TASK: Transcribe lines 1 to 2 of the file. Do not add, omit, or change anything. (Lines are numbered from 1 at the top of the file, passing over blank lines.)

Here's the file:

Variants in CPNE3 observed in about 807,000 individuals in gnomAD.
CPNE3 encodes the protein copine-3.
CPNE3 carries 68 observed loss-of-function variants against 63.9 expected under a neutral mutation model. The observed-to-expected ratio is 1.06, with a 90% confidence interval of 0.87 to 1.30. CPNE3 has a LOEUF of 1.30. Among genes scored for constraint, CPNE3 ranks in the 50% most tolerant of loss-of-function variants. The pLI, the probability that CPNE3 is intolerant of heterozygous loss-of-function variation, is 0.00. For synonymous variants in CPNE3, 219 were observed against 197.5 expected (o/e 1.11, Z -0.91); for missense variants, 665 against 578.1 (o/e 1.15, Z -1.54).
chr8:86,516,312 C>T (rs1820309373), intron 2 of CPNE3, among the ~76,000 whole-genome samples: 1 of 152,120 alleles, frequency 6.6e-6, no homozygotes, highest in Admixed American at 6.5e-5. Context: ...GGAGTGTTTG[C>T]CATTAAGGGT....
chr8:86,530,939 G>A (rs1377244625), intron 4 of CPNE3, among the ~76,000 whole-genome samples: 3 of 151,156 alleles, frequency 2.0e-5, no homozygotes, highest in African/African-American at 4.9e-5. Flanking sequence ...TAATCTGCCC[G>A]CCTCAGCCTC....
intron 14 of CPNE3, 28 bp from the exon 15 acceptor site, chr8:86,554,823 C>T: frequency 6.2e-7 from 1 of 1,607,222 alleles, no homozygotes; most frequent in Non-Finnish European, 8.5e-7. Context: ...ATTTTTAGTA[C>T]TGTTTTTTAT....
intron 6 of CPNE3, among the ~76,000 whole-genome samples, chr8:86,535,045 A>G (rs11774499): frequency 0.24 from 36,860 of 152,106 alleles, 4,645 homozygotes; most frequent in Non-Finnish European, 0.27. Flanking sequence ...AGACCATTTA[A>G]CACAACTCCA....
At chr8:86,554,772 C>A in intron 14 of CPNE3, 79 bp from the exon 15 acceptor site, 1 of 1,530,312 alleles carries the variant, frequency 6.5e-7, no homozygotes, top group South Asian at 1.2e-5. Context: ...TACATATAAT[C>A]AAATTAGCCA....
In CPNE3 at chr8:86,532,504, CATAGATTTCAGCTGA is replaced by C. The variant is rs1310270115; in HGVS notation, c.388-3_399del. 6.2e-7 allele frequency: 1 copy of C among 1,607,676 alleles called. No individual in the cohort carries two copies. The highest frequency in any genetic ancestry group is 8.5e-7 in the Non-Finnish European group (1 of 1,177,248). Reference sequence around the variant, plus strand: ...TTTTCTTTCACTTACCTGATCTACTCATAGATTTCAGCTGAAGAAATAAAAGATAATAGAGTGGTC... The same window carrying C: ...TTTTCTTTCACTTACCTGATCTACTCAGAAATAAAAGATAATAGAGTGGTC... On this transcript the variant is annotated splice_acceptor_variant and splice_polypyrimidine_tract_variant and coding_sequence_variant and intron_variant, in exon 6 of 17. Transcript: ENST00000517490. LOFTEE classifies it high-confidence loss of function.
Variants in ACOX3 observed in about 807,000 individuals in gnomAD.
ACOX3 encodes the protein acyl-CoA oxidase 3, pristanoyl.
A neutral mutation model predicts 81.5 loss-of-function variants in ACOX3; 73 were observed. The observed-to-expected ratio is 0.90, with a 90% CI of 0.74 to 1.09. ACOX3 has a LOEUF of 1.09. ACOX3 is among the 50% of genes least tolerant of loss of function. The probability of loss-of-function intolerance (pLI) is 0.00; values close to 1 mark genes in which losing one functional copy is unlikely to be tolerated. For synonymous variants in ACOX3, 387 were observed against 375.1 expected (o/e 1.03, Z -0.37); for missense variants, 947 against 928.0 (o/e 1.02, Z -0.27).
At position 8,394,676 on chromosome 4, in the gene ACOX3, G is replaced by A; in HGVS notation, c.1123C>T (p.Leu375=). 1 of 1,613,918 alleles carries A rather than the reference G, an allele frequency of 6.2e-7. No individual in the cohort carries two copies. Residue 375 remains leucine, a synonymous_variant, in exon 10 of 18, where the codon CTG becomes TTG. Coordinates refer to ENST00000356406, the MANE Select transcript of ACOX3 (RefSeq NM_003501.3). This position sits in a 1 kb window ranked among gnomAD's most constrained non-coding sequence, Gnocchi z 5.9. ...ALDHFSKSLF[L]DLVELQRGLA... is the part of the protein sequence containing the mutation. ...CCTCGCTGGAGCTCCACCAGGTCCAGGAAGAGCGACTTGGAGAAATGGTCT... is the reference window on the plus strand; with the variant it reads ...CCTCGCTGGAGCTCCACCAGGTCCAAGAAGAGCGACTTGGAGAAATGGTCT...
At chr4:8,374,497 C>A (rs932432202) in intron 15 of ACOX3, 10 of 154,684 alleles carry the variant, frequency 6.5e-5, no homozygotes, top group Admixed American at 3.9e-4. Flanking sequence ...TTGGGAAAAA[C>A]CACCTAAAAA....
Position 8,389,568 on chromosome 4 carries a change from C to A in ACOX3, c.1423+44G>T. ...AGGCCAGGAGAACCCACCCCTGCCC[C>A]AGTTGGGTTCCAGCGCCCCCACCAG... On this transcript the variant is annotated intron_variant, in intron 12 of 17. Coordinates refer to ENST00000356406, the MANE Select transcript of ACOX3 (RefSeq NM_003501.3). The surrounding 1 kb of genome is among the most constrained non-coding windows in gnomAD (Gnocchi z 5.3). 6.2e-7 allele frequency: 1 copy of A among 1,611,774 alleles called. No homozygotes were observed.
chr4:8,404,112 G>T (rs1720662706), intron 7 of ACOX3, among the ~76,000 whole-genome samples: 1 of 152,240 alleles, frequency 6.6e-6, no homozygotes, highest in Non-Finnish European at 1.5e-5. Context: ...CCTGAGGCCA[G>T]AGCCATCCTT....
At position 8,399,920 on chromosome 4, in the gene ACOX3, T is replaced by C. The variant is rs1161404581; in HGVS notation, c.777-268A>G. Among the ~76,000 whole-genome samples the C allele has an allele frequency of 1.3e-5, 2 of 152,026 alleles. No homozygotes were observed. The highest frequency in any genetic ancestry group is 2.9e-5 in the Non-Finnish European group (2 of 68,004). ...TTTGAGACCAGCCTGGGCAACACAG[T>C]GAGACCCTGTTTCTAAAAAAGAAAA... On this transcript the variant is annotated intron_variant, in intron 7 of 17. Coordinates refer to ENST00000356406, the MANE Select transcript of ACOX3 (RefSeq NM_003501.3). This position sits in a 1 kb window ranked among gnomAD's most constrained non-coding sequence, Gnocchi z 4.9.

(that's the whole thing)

Variants in CPNE3 observed in about 807,000 individuals in gnomAD.
CPNE3 encodes the protein copine-3.